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How FSANZ ensures the safety of food additives

(July 2013)

Food Standards Australia New Zealand carries out safety assessments on food additives before they can be used. FSANZ checks whether:

  • the food additive is safe (at the use levels being proposed)
  • there is a good technological reason for using the additive.
FSANZ’s safety assessment process follows an internationally accepted (Codex Alimentarius) model involving a hazard (safety) assessment of the chemical and dietary exposure (consumption levels) assessment.
Food additives are approved only if it can be shown no harmful effects are likely to result from their use.
To assess their safety, extensive testing of food additives is required, including animal studies. Animal studies are designed to determine whether a substance can cause any adverse effects. They are usually conducted using very high concentrations in the dietfar greater than the level people are likely to consume if the substance was present in food. An uncertainty or safety factor is then applied to establish a maximum permitted level. For example, this would mean that a safe concentration determined from animal studies would be usually divided by a safety (or uncertainty) factor of 100 to provide a health based guidance value that would be applicable to humans, e.g. the acceptable daily intake (ADI), which is the amount of a food additive that can be eaten every day for an entire lifetime without adverse effect.
The exposure assessment predicts the likely amount of the additive that would be consumed if it was permitted. This estimate is then compared with the ADI. FSANZ recommends a maximum level of the food additive, providing the estimate based on this level is well within the range of the ADI based on this comparison. The permitted level also takes account of the level of use that is required for the additive to perform its function.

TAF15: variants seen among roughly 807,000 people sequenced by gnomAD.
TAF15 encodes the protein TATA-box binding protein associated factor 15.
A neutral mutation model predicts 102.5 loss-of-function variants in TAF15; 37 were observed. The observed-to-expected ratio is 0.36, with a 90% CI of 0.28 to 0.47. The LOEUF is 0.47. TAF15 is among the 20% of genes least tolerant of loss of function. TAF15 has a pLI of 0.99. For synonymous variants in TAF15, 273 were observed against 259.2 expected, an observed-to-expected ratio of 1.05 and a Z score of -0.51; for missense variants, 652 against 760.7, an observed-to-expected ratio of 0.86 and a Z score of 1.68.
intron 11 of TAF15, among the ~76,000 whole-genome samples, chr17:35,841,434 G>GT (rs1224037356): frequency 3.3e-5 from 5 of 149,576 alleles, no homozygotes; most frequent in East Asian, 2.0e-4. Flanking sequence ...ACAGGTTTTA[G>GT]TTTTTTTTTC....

For example, the food colour tartrazine has an ADI of 0-7.5 mg/kg bodyweight. A dietary exposure assessment predicted that tartrazine consumption for children aged between 2 and 16 years in Australia, even at the highest daily consumption, would be between 0.21 and 0.38 mg/kg bodyweight (which corresponds to between 3 and 5% of the ADI).
Another example is the intense sweetener aspartame where the dietary exposure assessment based on a survey of intense sweetener use in Australian and New Zealand foods showed that consumption of the intense sweetener for Australian and New Zealand consumers would be in the range of 9% and 20% of the ADI for the population groups with the highest daily consumption.
Permitted food additives are listed in Standard 1.3.1 of the Food Standards Code.  Schedule 1 to the Standard details permitted uses and restrictions of food additives by food type.
FSANZ is constantly monitoring the scientific literature relevant to the safety of food additives, as are other international agencies such as the European Food Safety Authority, the United States Food and Drug Administration and the Joint Expert Committee on Food Additives (JECFA), an international scientific expert committee administered jointly by the Food and Agriculture Organization of the United Nations and the World Health Organization. If any new information becomes available that is likely to affect the ADI value FSANZ will evaluate the data and amend permissions as required.








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